When developing the front seats for the 2013 Nissan Altima, the company's engineers made use of seating and posture research from the U.S. National Aeronautics and Space Administration (NASA) to help reduce the body fatigue typically associated with long drives.
According to NASA, the least fatiguing seats are those that come closest to a "neutral posture" – a relaxed position that the human body takes on in a weightless environment, where there are no forces of gravity acting upon it.
That position can vary among individuals of different size and shape but there are generally accepted standards.
According to NASA, in its most relaxed state, the human body assumes a trunk-to-thigh angle of approximately 128 degrees, with the trunk forming a slightly S-shaped curve, outward in the upper region an inward in the lower (lumbar) area. Elbows are typically bent at close to 90 degrees knees a bit less acute.
According to Nissan, the new Altima's "zero-gravity" articulated seats incorporate continuous support from the pelvis to the chest and more broadly distributed localized deformation characteristics. These featurea are said to help reduce muscular and spinal loads and improve blood flow – thereby helping reduce fatigue over long periods behind the wheel.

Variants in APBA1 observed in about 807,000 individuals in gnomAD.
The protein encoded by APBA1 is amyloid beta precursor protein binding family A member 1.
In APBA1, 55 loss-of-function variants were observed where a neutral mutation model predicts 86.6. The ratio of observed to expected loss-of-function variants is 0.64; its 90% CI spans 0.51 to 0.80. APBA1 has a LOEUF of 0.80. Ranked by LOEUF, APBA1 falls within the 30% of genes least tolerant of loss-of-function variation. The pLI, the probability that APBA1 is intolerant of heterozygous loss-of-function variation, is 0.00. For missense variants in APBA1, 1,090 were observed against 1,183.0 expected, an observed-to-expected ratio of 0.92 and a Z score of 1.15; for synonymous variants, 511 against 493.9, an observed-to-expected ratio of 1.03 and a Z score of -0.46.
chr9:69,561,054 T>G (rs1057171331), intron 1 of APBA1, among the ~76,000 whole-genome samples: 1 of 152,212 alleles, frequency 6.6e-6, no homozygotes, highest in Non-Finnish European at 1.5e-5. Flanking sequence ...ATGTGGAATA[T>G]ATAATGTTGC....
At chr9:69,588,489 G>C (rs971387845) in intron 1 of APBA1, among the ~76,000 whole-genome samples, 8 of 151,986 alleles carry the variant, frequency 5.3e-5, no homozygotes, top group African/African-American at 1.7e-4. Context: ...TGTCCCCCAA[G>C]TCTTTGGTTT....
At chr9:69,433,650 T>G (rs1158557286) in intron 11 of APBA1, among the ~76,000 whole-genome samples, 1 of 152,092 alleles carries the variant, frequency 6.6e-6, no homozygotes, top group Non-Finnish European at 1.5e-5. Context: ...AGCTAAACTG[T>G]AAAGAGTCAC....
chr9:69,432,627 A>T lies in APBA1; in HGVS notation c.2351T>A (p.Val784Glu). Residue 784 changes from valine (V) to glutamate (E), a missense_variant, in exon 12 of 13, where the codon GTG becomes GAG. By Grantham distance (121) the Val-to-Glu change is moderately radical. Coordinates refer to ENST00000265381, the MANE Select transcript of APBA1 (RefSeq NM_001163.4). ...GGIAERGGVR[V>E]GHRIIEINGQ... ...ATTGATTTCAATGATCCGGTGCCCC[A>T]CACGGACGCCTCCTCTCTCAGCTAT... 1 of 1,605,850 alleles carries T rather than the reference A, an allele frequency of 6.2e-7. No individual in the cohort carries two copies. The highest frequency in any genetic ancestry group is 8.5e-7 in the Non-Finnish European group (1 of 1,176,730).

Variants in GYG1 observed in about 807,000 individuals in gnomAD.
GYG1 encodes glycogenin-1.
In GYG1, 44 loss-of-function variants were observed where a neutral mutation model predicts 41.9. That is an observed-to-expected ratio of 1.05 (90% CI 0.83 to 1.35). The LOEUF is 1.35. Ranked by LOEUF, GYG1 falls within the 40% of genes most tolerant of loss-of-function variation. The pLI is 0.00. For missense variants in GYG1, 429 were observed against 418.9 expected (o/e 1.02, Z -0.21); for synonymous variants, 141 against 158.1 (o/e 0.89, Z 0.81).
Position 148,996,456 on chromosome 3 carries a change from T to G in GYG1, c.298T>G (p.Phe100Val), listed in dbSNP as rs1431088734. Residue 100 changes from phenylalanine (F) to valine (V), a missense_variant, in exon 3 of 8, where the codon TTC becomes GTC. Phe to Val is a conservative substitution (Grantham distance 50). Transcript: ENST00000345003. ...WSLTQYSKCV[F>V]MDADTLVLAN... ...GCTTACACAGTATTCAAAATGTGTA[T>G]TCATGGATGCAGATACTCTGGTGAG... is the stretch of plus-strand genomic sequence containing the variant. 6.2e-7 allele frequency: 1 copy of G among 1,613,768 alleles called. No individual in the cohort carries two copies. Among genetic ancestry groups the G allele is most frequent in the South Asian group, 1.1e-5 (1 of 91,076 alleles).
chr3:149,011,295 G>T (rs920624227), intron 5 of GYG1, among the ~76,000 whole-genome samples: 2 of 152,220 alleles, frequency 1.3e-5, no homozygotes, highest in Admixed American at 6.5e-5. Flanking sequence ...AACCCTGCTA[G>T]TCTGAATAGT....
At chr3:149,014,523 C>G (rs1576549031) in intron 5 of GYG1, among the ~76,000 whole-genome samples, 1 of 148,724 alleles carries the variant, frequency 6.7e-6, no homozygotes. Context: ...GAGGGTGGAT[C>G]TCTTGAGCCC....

Seat surface perforations provide increased ventilation, breathability and comfort. Heated front seats are also available.
"Reducing driver fatigue is something that shouldn't be limited to luxury vehicles, especially as Canadians are making longer commutes and looking for alternatives to flying for business trips or family vacations," said Judy Wheeler, Director of Marketing, Nissan Canada.
While the Altima is the first vehicle to benefit from the "zero-gravity" seat technology, a company source has been quoted saying that it will be applied to all new Nissan vehicles as they are developed.